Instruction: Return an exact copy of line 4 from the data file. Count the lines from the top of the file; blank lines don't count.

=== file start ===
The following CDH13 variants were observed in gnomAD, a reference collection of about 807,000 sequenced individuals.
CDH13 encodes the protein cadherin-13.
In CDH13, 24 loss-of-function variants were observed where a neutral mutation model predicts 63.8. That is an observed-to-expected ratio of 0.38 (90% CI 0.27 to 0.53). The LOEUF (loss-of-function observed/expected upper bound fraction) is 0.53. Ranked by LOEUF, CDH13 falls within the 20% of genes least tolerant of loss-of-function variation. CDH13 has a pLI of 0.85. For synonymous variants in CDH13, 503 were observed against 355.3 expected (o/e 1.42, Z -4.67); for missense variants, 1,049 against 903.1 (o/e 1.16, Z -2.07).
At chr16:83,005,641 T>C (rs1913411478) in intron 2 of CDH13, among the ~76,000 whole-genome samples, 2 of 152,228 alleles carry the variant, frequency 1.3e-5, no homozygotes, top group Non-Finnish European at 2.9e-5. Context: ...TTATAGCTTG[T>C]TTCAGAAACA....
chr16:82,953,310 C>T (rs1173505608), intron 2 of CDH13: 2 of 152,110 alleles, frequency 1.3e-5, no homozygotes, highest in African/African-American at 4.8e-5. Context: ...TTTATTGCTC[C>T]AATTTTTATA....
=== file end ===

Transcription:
At chr16:83,005,641 T>C (rs1913411478) in intron 2 of CDH13, among the ~76,000 whole-genome samples, 2 of 152,228 alleles carry the variant, frequency 1.3e-5, no homozygotes, top group Non-Finnish European at 2.9e-5. Context: ...TTATAGCTTG[T>C]TTCAGAAACA....